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Showing content with the highest reputation on 05/17/2019 in all areas

  1. Hi John, I am going to be running some tests on the PM system as soon as I get an iPad to test with. So far every other system I have tested with have had no issues.
    1 point
  2. A couple of questions. I found the Precision 1/2" torque wrench many of you have purchased. I assume you needed to purchase an extender that you attach the socket to in order to use this torque wrench on the lug nuts on the wheels on the Olliver. Which one specifically did you buy? Also, I don't think I have 1/2" sockets. Any idea on the size of the sockets for the lug nuts, the Bulldog coupler and any bolts/nuts on the Dexter EZ Flex?
    1 point
  3. Nitrogen filled tires for the average application are more or less a scam , just use air and don't fret about a non-issue. I used to fill high performance jet aircraft tires with N2 when I was an A&P, since it is bone dry and marginally better at staying at a set pressure during wild temperature swings, but all the smaller planes got good old shop air.... It is best to use air that has gone through an effective moisture separator, especially in a humid climate. You really don’t want water inside your tires, since it can corrode the wheels and valve stems. If you have a small compresso
    1 point
  4. From Wikipedia at https://en.wikipedia.org/wiki/Atmosphere_of_Earth : "By volume, dry air contains 78.09% nitrogen, 20.95% oxygen, 0.93% argon, 0.04% carbon dioxide, and small amounts of other gases. Air also contains a variable amount of water vapor, on average around 1% at sea level, and 0.4% over the entire atmosphere." I assume that if you kept on filling with air, you'll just be gradually increasing the percentage of Oxygen and other gasses until you reach a state equivalent to pure air. Or not. Just spit-balling...
    1 point
  5. I don't consider it a $150 wrench, but a $150 accurate insurance policy, which is ever so important for those of us with only one wheel on each side.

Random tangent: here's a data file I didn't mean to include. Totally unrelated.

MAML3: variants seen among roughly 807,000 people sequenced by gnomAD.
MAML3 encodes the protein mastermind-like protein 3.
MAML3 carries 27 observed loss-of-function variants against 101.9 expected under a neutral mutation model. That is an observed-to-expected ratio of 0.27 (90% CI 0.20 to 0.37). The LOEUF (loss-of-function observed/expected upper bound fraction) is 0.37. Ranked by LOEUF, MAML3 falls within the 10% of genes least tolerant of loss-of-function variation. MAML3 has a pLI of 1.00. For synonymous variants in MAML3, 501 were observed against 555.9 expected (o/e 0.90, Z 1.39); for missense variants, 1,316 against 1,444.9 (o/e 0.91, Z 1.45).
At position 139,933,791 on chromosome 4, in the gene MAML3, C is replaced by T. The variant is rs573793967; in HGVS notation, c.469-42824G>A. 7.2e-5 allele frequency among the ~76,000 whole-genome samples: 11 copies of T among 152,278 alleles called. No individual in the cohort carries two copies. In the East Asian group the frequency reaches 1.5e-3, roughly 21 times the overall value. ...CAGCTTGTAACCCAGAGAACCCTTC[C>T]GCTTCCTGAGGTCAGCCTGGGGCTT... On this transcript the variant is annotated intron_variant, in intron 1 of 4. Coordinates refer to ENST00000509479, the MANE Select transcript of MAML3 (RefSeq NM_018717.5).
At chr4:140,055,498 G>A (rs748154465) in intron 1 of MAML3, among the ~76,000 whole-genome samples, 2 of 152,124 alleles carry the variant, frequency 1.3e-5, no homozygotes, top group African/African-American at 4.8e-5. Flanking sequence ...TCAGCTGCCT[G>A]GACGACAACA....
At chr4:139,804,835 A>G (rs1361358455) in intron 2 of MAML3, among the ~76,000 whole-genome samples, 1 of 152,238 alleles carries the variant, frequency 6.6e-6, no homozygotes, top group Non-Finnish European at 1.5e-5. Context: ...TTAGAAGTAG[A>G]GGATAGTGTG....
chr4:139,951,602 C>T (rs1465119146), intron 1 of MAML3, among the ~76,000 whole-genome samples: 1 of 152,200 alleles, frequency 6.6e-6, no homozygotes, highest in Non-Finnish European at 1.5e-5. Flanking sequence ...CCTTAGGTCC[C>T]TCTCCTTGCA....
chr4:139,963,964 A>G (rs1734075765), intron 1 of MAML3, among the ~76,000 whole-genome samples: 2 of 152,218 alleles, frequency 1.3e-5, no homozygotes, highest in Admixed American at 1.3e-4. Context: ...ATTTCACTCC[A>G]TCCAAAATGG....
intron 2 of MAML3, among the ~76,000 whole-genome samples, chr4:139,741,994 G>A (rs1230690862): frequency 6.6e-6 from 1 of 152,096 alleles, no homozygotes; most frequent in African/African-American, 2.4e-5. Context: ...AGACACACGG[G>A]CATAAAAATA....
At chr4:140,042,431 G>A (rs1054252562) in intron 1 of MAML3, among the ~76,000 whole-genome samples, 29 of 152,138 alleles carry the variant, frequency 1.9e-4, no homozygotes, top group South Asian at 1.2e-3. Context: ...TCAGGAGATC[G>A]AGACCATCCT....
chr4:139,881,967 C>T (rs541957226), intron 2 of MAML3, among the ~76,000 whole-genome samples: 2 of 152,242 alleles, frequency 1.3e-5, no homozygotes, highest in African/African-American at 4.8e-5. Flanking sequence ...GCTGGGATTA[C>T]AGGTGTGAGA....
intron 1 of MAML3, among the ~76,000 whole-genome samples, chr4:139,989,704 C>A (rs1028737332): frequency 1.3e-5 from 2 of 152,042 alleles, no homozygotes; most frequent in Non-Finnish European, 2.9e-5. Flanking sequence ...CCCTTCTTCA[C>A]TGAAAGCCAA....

1 point
  6. Water was coming in between the porch light and hull probably entering through mounting bolt holes or hole for electrical wire on our older style light. When sealing the older style porch lights like we have, 3M 4000 Marine sealant or Marine silicone sealant can be used. This sealant is not used on black gaskets that I believe you have. Your porch lights have a black gasket between the light and hull. It's possible water could enter the hull if your gasket is not sealing properly and Captain Tolley's might stop it, after reading information about this product. When you visit Oliver they
    1 point
  7. I had previously applied Capt. Tolley's crack sealer to the gasket around each porch light (to stop streaking), and a second time to the porch light above the window that leaked, before going through the above exercise. Is that what you mean by 're-sealing', or something else?
    1 point
  8. We have early style porch lights, not sure if this would apply to later style porch lights. Water was coming in from the porch light between shells dripping from the top of the dinette window. When we resealed the porch light over the window, fixed the problem. Saw another leak from the rear Oliver sign, leaking between shells traveling around the rear window and dripping from the bottom of the window on the curbside bed. Once we found the leaks, fixed them without further problems.
    1 point
  9. We experienced the same problem: the weep holes were clear, as were the channels, but still had a wet bed on the driver's side after a storm. Yesterday, I pulled the Ollie to our house, and my wife trained a hose on the suspect window. It took a while, but rivulets appeared in several spots running down the side of the interior below the window frame. The frame is caulked, but there were several breaks in the caulk through which the water ran. I cleaned out the existing caulk as well as I could, and re-caulked the entire bottom of the window frame. We had a storm last night; this mornin
    1 point
  10. I wanted to offer a few suggestions for removing the window seals and tracks. Please read the entire message first as my writing style is a little disjointed. And if you think it tough to read, you should be grateful you don’t have to think like this.? First off, only do this if you feel you can’t clean the tracks and drain slots with brushes, vacuums and compressed air. It takes me about 30 minutes to remove and replace the seals, minus the drying time for the seals. Removing the outside seal for the fixed glass track is pretty simple, I used a metal pick to raise the seal enough
    1 point
  11. Missing pictures from original posting. I hope?
    1 point
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